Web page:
For your brand there’s more than meets the eye.
by Valerie Haymes
We say we’re “seeing red’ to express a feeling of anger or heightened emotional state. Yet the color red can be a bold accent color, a way of directing our attention.
The color blue is thought to evoke creativity and calm. Yet blue light is apt to keep us awake, even more so than red or green light.
Green is the “color of life” because of the production of chlorophyll in plants during photosynthesis. Yet the green color scheme used in many public institutions over the years has a uniquely “lifeless” feel.
A broad spectrum of colors – and reactions
It appears our interpretation of and reaction to colors can be all over the spectrum. How do we perceive colors? Color is the sensation of light transmitted to the brain through the eye. The eye interprets a set of wavelengths of electromagnetic radiation (visible light). Human vision is trichromatic, meaning your retina has three types of receptors, designed to pick up different wavelengths of light — red, green, and blue. Many mammals only have two sets of receptors, limited to detecting blue and green wavelengths, similar to what people with color blindness experience. Birds are tetrachromatic, with four sets of receptors! In evolutionary terms, the perception of color enhances our ability to survive and procreate.
The idea that a color itself can elicit emotional responses in the viewer is open to interpretation. Our experiences, upbringing, cultural perspective, context all come into play as we encounter colors in our environment.
Color values may not be seen differently, but the perception of the color will mean different things to different people. Much of what we see is based on the memory of a color — when and how we experienced it before.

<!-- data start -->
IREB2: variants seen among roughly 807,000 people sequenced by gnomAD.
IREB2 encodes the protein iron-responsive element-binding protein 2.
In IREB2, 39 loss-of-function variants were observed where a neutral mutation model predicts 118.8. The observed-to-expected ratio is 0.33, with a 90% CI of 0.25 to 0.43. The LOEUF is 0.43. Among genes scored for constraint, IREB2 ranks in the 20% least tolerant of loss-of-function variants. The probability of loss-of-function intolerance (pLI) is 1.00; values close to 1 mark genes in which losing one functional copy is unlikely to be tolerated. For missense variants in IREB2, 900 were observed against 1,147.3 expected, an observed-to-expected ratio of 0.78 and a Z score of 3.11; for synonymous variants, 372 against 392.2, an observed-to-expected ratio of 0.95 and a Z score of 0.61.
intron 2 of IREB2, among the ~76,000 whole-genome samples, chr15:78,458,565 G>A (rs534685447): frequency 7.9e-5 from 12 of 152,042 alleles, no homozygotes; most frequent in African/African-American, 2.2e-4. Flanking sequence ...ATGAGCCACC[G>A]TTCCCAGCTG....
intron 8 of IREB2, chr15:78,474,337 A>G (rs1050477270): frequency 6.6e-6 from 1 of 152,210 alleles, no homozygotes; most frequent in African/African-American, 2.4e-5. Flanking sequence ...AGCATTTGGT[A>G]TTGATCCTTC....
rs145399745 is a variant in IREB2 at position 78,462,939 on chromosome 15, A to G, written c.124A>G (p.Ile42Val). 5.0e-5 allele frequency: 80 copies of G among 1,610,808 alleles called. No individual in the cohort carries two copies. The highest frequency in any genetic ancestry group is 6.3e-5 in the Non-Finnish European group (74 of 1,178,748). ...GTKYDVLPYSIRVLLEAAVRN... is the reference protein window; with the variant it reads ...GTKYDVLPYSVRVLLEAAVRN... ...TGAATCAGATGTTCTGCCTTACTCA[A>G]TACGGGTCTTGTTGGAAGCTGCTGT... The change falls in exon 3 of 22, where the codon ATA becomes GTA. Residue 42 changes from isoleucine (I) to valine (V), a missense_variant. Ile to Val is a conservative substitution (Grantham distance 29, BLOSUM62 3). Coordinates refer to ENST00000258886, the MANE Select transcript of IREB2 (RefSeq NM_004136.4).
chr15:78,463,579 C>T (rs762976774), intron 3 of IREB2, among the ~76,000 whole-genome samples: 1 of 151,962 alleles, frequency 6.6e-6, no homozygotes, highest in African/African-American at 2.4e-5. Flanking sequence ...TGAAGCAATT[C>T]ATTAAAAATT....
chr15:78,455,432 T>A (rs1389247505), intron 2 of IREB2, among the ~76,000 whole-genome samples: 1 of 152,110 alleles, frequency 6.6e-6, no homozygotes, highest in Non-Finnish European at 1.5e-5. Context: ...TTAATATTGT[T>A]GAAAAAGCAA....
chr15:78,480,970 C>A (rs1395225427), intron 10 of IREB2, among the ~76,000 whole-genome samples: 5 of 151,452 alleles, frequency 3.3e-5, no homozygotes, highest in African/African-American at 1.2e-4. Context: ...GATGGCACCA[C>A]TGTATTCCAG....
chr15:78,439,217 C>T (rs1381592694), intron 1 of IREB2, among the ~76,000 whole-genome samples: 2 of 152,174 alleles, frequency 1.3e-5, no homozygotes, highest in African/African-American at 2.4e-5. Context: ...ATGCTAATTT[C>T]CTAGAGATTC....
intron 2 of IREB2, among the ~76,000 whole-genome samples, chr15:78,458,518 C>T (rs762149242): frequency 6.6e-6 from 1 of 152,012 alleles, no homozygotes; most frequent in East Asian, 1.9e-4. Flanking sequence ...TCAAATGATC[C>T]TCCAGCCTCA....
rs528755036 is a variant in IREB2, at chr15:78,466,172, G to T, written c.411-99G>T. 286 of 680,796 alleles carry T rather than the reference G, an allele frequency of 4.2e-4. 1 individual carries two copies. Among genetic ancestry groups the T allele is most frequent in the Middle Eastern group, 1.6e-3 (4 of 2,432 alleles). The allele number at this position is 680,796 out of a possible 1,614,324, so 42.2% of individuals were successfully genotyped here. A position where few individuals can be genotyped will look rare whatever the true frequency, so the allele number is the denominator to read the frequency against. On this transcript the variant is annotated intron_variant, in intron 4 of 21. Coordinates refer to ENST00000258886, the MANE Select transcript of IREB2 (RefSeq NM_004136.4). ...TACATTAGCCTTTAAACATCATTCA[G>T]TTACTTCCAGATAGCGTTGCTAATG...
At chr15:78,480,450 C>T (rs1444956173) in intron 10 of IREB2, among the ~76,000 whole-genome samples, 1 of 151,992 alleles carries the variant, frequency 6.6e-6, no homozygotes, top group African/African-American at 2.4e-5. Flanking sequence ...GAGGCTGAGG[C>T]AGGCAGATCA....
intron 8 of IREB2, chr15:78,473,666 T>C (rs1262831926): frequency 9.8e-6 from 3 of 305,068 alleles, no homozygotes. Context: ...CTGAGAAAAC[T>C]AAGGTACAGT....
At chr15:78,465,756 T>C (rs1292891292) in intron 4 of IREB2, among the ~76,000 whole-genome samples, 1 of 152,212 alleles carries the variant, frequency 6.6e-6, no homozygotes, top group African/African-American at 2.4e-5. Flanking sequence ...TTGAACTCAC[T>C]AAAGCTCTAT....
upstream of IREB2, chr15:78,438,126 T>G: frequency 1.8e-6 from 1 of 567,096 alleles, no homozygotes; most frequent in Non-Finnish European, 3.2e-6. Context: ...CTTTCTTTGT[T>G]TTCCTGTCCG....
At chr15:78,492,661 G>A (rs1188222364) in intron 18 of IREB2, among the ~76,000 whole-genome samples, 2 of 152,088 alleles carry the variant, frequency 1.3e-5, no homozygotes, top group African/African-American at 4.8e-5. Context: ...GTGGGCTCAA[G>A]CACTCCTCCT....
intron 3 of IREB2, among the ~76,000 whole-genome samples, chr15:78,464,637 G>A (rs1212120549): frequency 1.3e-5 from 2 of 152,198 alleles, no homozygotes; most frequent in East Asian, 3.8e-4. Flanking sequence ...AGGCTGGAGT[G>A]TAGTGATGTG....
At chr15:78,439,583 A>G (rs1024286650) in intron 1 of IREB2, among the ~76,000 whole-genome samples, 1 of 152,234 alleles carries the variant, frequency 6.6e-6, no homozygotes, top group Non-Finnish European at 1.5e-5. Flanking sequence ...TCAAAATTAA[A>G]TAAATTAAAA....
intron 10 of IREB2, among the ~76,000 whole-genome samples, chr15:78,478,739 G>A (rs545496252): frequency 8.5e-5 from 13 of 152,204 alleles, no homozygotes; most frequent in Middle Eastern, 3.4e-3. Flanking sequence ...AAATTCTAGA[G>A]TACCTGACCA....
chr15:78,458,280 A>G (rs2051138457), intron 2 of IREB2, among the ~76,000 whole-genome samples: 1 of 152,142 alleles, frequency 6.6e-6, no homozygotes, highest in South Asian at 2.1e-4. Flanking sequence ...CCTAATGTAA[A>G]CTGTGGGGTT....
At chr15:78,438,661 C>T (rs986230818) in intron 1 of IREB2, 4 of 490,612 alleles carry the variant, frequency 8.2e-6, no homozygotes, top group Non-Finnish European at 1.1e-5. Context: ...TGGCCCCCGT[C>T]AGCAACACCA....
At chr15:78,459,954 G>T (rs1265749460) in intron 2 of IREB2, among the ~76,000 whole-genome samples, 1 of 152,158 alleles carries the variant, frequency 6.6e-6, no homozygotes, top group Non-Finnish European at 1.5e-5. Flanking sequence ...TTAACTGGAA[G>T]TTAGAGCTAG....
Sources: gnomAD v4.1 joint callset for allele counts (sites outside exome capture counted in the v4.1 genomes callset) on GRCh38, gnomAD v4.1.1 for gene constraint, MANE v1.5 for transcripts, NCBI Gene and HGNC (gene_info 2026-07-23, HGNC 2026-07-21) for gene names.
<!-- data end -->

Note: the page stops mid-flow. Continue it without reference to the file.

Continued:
Color in the Marketplace: a powerful first impression
In the marketing world, where the art of persuasion is critical, many factors influence what we choose to buy. Research has shown that 90% of initial judgments made about products are based upon color. The color of an object is processed before we respond to additional details like shape and line. Often this judgment call is made in less than 90 seconds. This “color first” effect is based on the perceived appropriateness of the color that is being used for the product. “Do I think the color feels right for this item?”
An example would be products designed for camping. Colors schemes tend to be in “earthy” or “natural” tones, to coordinate with an outdoor-sy, rugged feel. While color schemes chosen for items sold to teens may be based on forecasting fashion trends. Research shows that new brands search for color schemes that move in a new direction, away from long-standing competitors. Calculating the reaction of the consumer to a color in relation to a product is crucial in promoting consumer choices.
The name of the game could be the name.
The naming of the product’s color can have a strong effect on the response to the product. Psychologists have studied the correlation between color naming and emotional reaction. Color names can have many interpretations, and the right name can help to promote a brand’s success.
Consumers are much more inclined to give a product such as make-up a higher score when the color name is “soft buff” rather than “very light brown.” When choosing wall paint, we might pick “seafoam” over the same color named “turquoise.”
Notwithstanding the occurrence of porphyrophobia (fear of the color purple), being creative with the naming of colors can have benefits. Data has shown that products with color schemes in the purple family generated up to 30% higher revenue when given a creative name. We might be drawn to a product with an “aubergine” finish, rather than a “reddish-purple” patina.
The World Champion Favorite Color is…
Blue! In studies from around the world it’s cited as the most favored color (for both men and women). It’s chosen three to four times more than the next tier down — green and purple. Blue is reflected in our sky and sea, and is said to be emotionally calming. There is a clear gender disparity in the color purple — women chose purple in the second tier, while for men it is one of the least favorite.
Individual preferences for colors are rooted emotional responses that can’t always be rationally quantified. But must never be ignored. There’s a powerful “color instinct” that steers our choices in everything — from the foods we eat, the clothes we wear, to the cars we drive.